Summer in the boutique fitness industry can be stressful for studio owners. Members are often less consistent, and leads are slower when everyone is spending time outside, but it doesn’t have to be silent. Instead of accepting under-performing months as the norm, let’s get proactive and design your summer fitness retention strategy to keep members engaged and attract new clients.
It’s less expensive to keep members than find new ones, so shore up your membership numbers for summer by focusing on retention and engagement. Events, challenges, sales, and exciting new classes keep your clients in the studio and prevent the dreaded summer slowdown suspensions.
Design an attendance or goal-based challenge and reward your clients every time they take a class with a sticker or stamp. To keep engagement high, share the weekly updates on your social media and ask your staff to compete, too.
Member-only hikes, movie nights, farmer’s market trips, and BBQs all bring your clients back together outside of the studio, strengthening membership bonds. These don’t necessarily need to be fitness related, your goal should be to build community and keep member engagement high.
Outdoor classes are a client favorite. Bootcamp in the park, barre on the bridge, yoga on the beach- no matter where you live, there is an outdoor opportunity for your gym to take it outside. Remember to bring signage and encourage your clients to wear branded workout apparel.
Survey your clients and ask what they’re interested in learning over the summer. We’re focusing on what your existing clients want for this series, like a handstand workshop or a meditation class. It can be free or paid and your marketing should match your enthusiasm. Create your summer series newsletter with at least four-weeks of lead time in order to fill classes. Summer workshops often flop due to a lack of marketing, not a lack of interest.
Add an exciting summer-only series for your clients to look forward to. For example, every Saturday morning could be a unique core-focused class, add a new summer-only advanced class, or bring out a special summer prop. Members are much less likely to cancel in June if they think they would miss out.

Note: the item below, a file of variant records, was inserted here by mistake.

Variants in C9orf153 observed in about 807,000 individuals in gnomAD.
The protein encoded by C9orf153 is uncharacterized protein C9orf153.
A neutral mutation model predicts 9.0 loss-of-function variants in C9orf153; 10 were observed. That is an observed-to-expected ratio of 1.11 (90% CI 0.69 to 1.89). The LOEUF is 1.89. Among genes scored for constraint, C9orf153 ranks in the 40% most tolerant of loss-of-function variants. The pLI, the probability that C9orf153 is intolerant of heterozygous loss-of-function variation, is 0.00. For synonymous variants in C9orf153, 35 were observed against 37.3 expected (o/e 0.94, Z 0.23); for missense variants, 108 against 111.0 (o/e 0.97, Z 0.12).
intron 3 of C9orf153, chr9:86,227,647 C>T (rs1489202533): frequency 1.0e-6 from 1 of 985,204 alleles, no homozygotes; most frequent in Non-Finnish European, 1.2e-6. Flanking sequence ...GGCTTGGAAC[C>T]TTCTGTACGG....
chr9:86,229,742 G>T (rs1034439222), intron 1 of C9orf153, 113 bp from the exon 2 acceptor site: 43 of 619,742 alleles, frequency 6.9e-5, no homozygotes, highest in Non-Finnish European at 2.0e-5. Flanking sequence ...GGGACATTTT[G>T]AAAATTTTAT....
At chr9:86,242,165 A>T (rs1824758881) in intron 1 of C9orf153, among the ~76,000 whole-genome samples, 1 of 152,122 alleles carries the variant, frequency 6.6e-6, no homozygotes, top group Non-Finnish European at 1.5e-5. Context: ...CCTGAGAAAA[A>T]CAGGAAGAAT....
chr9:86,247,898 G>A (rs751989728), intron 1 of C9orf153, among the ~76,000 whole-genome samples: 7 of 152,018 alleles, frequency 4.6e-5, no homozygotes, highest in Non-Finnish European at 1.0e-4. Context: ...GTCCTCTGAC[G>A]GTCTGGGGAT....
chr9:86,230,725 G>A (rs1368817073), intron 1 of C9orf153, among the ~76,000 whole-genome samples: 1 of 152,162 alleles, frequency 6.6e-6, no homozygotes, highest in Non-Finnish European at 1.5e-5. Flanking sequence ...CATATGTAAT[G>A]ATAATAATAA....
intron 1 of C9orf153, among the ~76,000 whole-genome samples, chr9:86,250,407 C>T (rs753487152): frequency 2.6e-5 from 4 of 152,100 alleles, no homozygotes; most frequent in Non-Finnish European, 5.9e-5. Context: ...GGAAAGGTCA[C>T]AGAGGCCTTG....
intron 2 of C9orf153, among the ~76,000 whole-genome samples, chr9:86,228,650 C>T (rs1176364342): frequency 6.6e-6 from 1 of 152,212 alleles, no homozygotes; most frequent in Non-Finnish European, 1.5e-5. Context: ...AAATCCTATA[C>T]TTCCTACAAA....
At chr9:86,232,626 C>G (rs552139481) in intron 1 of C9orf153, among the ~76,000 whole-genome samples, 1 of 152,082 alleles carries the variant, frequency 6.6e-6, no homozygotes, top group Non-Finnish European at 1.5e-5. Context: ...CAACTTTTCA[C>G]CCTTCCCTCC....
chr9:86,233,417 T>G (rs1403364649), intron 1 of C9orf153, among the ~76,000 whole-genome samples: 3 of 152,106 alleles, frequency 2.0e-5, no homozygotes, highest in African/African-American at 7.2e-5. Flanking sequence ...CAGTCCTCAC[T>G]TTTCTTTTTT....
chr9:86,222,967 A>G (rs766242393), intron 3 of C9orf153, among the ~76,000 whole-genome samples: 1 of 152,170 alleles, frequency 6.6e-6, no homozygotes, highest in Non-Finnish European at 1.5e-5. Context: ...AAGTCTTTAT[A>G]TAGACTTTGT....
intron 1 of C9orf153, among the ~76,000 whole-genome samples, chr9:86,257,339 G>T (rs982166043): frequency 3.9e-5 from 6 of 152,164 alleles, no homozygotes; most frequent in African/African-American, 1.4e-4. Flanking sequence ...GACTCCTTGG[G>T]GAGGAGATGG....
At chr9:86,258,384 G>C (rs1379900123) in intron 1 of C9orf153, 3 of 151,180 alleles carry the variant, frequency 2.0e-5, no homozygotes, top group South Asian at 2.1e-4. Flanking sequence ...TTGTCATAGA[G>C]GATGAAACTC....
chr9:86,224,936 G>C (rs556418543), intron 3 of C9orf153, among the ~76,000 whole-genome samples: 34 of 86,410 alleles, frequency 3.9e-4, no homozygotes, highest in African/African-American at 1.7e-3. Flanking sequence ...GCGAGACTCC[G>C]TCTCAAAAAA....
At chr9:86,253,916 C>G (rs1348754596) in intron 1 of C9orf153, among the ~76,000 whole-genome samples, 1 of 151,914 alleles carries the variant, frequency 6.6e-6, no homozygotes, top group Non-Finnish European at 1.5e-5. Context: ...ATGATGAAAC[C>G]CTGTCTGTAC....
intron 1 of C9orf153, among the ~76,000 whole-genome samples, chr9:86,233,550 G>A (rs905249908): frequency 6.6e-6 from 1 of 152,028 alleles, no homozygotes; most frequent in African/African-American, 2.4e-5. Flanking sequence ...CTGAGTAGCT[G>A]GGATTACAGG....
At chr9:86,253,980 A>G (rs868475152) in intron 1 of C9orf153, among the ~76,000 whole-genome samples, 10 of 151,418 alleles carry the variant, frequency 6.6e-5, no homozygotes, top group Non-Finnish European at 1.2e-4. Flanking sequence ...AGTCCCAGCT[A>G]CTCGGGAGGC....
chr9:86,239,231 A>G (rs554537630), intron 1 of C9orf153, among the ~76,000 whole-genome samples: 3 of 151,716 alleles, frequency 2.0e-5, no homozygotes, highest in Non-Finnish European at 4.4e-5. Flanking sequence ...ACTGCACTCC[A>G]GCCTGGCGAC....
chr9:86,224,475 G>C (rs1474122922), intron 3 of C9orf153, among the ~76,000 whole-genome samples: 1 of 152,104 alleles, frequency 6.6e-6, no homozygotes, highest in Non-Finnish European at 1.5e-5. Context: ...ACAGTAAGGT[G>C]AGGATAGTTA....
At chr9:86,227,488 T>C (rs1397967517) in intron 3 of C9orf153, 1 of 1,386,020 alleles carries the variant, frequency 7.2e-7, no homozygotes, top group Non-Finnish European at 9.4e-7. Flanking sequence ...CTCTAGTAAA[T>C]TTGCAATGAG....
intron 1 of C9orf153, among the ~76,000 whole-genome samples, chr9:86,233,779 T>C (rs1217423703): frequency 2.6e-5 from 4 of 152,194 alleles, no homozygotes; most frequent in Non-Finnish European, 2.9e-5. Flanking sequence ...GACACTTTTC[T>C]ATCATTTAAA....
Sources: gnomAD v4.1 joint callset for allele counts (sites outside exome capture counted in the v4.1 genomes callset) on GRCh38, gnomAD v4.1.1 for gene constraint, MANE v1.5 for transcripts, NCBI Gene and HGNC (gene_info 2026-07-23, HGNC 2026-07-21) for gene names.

The fourth of July, Father’s Day, and International Yoga Day (June 21) are all perfect opportunities to teach something fun and different to get clients excited. You can add themes to the attire, playlist, and lesson plan to create a unique experience that members will look forward to next year.
If parents are your target demographic, your clients probably feel the squeeze of childcare during the summer. Create family classes where parents can bring their child and the family together:
You’re likely not the only business owner who feels stressed when the temperatures rise. Look for business owners in your area willing to join efforts with you to offer something memorable for both businesses’ clientele, like workshops or discounts.
It’s important to note that you’ll want to choose just a few of the above ideas to focus your member retention planning. If you overload your calendar, you’ll end up splitting your clients’ attention and risk low enthusiasm for individual events.
Aim for one event or activity per month so you can market to your existing membership base by email, organic social media posts, and in studio announcements. A comprehensive marketing campaign doesn’t have to involve paid ads to be successful, but it does need to be multi-dimensional.
It won’t surprise you that we’re not focusing our studio marketing efforts on long-term memberships during the low summer months. Instead, design introductory offers and packages with a clear deadline and up front cost:
Unless your gym is packed in the summer, your marketing plan should focus on reviving old leads, recruiting your members’ friends, and attracting new short-term clients who can be nurtured into a longer package when their normal schedule resumes. If your usual membership is full of parents of school-age children, you’ll need to consider a secondary target, such as teachers or college students who have an abundance of availability during the summer.
Just because it’s warm doesn’t mean we’re forgoing your digital marketing presence. Although your marketing strategies should go beyond your social media, it’s still important to maintain a reliable schedule on your platform of choice. Share all of your events and activities and drum up excitement for events by showing the behind-the-scenes effort in your stories.
This summer, outsource your marketing and encourage current clients to spread the word by:
Summer is a great time to practice your guerilla marketing skills. Think of where your community already hangs out and start the conversation there. For example, you can contact your farmer’s market organizers to host a weekly pop-up class, or your gym could sponsor and table fun runs or other active events. It’s amazing how far your marketing budget can stretch when you’re in front of your ideal client, so think outside your traditional marketing strategies to meet them where they are.
Capitalize on walk-by traffic by partnering with a juice company and offering juice samples as people walk by. Be prepared with your short elevator pitch and an incredible low-cost offer such as a buy-one-get-one to keep the conversation going after the juice samples are gone.
Plan your pop-up classes strategically to be highly visible to your ideal client and you’ll increase your current member engagement while also marketing to new clients. Remember to bring your pop-up sign or ipad to all of your outdoor events and be ready to sign new clients up for an intro offer.
Summer can be daunting for boutique studio owners, but it’s also a great way to focus on organic sales conversations out in the community. Be sure to track your results so that you can repurpose your content for next summer and save yourself from reinventing the wheel next June.